China bans Winnie the Pooh film over comparisons to Xi

Mission Impossible- Fallout clung for a second week to the top spot in North American theaters

Mission Impossible- Fallout clung for a second week to the top spot in North American theaters

Disney's live-animated Christopher Robin placed second, at US$25 million. In 2015, a picture showing Xi Jinping riding in a motorcade alongside an image of Winnie the Pooh in a toy auto was reportedly labelled as "China's most censored photo' by political analysis company Global Risk Insights".

China, the world's second-largest film market, limits the number of foreign-made films allowed into the country to 34 a year.

In June, HBO's Last Week Tonight with John Oliver noted the Xi-Pooh connection and created a mock propaganda video that tweaked Xi's apparent sensitivity to the comparison. Winnie the Pooh became a symbol of the Chinese resistance against the ruling Communist Party, prompting authorities to heavily censor the character, the BBC reported.

Disney's A Wrinkle In Time was also denied release in China.

Other allusions include a popular comparison between a Winnie the Pooh auto toy image and the Chinese leader presiding over a military parade from the back of a moving vehicle.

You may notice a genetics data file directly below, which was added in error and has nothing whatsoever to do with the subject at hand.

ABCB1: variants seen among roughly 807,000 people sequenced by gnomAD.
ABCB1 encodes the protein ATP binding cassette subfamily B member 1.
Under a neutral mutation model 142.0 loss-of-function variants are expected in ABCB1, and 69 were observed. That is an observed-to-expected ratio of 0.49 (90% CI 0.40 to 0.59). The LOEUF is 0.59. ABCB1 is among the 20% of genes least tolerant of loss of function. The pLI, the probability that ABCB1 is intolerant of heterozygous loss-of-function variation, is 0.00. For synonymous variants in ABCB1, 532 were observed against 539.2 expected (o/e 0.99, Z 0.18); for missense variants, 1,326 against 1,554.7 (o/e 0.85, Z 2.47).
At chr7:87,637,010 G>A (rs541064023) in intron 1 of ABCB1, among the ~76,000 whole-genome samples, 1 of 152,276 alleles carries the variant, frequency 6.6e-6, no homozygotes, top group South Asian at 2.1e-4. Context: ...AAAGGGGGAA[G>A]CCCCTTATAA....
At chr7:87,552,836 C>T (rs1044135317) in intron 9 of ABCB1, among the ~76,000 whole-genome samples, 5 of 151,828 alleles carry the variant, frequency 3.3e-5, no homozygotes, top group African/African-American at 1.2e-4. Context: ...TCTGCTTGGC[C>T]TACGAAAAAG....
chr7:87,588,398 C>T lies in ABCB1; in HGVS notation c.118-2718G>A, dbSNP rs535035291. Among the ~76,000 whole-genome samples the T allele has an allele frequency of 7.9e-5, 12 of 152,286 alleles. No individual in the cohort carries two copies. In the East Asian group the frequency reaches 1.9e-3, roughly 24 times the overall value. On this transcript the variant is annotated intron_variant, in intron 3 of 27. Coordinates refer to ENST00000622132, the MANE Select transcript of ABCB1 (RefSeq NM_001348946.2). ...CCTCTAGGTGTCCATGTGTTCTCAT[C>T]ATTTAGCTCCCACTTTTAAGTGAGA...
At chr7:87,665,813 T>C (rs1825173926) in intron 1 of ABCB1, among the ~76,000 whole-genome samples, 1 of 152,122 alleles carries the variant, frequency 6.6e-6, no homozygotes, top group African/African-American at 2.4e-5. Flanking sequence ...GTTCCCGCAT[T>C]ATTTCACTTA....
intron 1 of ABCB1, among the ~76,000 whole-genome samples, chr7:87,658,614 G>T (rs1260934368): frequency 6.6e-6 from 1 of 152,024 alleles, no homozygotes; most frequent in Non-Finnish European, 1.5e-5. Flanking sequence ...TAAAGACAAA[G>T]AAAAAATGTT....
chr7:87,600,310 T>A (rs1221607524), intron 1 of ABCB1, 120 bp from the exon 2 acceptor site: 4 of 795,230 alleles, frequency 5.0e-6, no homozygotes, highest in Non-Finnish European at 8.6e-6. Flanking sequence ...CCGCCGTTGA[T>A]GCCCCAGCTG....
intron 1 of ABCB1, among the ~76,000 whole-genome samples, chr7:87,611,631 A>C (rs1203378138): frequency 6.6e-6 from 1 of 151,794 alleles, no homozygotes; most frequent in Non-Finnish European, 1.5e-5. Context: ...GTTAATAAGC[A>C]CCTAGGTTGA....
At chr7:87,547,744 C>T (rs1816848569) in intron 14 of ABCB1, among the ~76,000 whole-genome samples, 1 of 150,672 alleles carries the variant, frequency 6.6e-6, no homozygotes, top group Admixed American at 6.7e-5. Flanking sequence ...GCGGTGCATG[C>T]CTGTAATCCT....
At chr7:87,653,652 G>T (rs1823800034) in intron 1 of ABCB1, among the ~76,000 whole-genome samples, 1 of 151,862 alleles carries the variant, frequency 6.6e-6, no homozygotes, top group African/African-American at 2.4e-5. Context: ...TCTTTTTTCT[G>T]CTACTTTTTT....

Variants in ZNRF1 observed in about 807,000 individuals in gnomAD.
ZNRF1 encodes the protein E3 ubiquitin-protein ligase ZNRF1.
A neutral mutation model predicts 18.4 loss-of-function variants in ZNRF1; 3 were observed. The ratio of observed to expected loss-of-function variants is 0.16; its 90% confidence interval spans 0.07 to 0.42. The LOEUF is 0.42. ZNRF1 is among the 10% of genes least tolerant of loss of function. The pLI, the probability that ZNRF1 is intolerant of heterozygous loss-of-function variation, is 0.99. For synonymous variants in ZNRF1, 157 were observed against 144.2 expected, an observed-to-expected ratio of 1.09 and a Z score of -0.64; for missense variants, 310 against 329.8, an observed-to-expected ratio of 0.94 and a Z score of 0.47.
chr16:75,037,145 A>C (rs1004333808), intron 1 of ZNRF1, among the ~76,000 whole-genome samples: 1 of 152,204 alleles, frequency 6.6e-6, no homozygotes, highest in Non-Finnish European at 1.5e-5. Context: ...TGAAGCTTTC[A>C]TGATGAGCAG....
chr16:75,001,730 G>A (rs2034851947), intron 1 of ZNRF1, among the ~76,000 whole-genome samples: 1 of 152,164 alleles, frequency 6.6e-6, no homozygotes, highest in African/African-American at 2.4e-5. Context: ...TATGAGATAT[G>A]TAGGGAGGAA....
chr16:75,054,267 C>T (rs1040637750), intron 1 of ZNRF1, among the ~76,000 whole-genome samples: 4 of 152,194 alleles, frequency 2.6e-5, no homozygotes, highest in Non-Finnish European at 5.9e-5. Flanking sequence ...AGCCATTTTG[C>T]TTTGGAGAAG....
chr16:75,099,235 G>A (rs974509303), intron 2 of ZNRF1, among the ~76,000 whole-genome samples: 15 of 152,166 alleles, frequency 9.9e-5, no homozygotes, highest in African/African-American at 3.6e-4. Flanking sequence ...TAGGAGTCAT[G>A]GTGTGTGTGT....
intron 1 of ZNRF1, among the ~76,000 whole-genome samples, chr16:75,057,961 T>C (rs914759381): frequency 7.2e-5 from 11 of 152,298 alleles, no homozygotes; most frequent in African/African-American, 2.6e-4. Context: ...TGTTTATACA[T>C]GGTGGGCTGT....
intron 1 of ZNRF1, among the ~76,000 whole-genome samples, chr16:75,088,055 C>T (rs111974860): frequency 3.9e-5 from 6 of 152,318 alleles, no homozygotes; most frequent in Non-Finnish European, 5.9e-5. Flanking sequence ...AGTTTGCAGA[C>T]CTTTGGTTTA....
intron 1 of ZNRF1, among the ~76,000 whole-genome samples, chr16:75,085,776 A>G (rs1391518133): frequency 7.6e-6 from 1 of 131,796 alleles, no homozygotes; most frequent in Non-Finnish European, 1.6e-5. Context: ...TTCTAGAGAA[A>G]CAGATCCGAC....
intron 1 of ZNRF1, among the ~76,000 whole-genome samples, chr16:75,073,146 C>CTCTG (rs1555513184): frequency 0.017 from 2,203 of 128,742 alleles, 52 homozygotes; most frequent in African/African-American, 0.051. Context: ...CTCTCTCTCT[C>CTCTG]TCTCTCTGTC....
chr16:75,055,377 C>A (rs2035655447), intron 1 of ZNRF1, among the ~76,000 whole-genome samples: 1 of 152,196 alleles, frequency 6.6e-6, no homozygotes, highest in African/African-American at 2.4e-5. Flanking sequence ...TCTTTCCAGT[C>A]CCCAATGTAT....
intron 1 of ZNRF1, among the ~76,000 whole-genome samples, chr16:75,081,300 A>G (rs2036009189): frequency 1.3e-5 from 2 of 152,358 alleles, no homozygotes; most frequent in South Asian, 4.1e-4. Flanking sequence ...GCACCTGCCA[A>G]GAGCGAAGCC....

The new film tells the story of a now middle-aged Christopher Robin, whose mundane life takes a turn when he is unexpectedly reunited with the Hundred Acre Wood's Winnie-the-Pooh, Tigger, Piglet and other animals from his childhood.

While no official reason has been given by the Chinese government for banning the film, the Hollywood Reporter reports that it is because of a crack down on Winnie the Pooh by censors in the country.

The government has not completely banned photos of Pooh from the internet, but it has restricted them. The segment also focused on China's dismal human rights record.Another comparison between Xi and Winnie during a military parade in 2015 became that year's most censored image, according to Global Risk Insights.